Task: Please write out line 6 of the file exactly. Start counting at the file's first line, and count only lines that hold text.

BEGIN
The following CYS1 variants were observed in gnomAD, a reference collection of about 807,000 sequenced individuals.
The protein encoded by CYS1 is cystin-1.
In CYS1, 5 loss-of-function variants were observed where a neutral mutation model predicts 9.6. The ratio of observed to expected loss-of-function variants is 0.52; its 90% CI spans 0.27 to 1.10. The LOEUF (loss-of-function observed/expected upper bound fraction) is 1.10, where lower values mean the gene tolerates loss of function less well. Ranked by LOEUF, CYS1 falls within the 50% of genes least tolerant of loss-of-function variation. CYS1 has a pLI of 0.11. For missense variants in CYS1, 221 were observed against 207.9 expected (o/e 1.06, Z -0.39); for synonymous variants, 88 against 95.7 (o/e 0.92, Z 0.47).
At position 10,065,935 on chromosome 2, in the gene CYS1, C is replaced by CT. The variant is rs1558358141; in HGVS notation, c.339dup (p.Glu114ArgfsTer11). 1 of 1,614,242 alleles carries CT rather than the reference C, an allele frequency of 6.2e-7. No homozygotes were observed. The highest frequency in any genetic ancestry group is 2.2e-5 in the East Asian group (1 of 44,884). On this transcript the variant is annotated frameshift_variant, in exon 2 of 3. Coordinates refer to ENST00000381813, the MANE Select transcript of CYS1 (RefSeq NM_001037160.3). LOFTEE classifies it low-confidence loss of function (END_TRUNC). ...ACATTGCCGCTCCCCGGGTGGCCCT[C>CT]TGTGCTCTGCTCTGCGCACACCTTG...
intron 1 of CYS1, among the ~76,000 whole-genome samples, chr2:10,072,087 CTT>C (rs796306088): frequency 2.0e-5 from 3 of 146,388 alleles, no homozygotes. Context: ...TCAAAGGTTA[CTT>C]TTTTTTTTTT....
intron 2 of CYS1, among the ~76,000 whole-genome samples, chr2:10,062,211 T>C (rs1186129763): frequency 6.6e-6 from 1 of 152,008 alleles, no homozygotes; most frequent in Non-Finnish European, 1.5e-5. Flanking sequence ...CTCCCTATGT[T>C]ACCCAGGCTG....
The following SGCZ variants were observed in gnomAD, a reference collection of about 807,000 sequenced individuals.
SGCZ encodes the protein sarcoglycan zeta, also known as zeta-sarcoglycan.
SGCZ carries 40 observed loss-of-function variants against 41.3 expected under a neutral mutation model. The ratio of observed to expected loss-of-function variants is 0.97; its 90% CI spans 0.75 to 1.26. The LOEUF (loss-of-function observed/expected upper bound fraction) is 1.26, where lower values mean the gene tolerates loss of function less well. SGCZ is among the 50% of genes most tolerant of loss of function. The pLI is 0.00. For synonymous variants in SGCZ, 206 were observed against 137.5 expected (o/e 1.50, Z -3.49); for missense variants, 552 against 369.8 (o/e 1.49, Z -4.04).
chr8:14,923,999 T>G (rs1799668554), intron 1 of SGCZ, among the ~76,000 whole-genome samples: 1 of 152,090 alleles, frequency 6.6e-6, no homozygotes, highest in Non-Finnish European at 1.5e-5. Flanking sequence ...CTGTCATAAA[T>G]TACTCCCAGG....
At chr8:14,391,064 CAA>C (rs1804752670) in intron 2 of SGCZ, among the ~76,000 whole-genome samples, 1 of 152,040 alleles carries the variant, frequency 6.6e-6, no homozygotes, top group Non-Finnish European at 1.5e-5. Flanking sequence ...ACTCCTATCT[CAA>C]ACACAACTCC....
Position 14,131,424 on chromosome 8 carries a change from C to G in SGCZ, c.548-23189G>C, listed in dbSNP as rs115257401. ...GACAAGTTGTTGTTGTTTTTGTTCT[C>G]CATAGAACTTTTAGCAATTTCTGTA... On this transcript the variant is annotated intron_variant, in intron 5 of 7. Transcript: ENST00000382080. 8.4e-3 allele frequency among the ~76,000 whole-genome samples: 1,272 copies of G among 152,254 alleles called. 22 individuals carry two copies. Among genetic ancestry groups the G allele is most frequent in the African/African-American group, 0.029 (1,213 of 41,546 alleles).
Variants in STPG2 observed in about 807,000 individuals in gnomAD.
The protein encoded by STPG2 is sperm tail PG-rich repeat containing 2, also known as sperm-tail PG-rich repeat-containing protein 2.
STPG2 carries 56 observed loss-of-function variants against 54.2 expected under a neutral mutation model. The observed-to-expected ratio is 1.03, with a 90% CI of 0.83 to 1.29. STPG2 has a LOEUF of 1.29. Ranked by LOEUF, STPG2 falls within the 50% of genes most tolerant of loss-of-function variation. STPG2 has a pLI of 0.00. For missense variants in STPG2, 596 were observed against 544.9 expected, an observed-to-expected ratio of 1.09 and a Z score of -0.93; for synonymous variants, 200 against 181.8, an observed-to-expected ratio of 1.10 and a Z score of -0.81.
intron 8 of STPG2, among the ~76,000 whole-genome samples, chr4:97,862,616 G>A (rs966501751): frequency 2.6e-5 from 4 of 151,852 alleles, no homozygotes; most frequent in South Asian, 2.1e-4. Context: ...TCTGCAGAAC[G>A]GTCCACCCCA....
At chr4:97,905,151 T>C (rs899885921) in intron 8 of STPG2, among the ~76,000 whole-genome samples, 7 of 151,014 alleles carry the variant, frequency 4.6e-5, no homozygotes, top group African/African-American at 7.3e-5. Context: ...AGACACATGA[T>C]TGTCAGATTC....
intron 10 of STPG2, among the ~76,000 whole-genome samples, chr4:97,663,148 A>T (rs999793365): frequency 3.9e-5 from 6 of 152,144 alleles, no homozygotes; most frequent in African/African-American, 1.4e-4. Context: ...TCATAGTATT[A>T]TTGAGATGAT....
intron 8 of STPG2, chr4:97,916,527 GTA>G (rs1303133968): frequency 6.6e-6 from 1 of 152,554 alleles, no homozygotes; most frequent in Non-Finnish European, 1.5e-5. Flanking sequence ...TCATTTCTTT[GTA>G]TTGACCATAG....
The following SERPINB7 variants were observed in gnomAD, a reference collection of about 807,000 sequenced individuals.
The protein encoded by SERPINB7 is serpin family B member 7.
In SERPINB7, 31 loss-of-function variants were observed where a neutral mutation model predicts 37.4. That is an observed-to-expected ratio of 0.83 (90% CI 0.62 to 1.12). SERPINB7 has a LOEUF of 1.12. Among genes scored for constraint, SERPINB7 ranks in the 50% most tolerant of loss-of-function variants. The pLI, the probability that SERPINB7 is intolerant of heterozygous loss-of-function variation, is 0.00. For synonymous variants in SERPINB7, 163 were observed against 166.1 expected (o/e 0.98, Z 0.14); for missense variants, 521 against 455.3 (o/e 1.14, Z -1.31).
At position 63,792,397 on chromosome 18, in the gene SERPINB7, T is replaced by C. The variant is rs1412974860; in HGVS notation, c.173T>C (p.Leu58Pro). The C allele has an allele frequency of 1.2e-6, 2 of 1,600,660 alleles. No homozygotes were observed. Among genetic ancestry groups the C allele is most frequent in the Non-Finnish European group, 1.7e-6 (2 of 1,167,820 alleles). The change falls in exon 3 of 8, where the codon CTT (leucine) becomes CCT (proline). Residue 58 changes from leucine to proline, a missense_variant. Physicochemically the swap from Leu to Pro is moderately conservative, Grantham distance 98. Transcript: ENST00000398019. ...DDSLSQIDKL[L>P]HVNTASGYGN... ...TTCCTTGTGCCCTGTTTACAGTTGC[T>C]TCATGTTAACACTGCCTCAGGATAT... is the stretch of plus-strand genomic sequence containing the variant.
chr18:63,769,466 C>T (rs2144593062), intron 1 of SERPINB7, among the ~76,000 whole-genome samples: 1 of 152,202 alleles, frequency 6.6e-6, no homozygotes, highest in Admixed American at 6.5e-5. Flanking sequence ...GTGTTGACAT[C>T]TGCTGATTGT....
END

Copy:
intron 2 of CYS1, among the ~76,000 whole-genome samples, chr2:10,062,211 T>C (rs1186129763): frequency 6.6e-6 from 1 of 152,008 alleles, no homozygotes; most frequent in Non-Finnish European, 1.5e-5. Flanking sequence ...CTCCCTATGT[T>C]ACCCAGGCTG....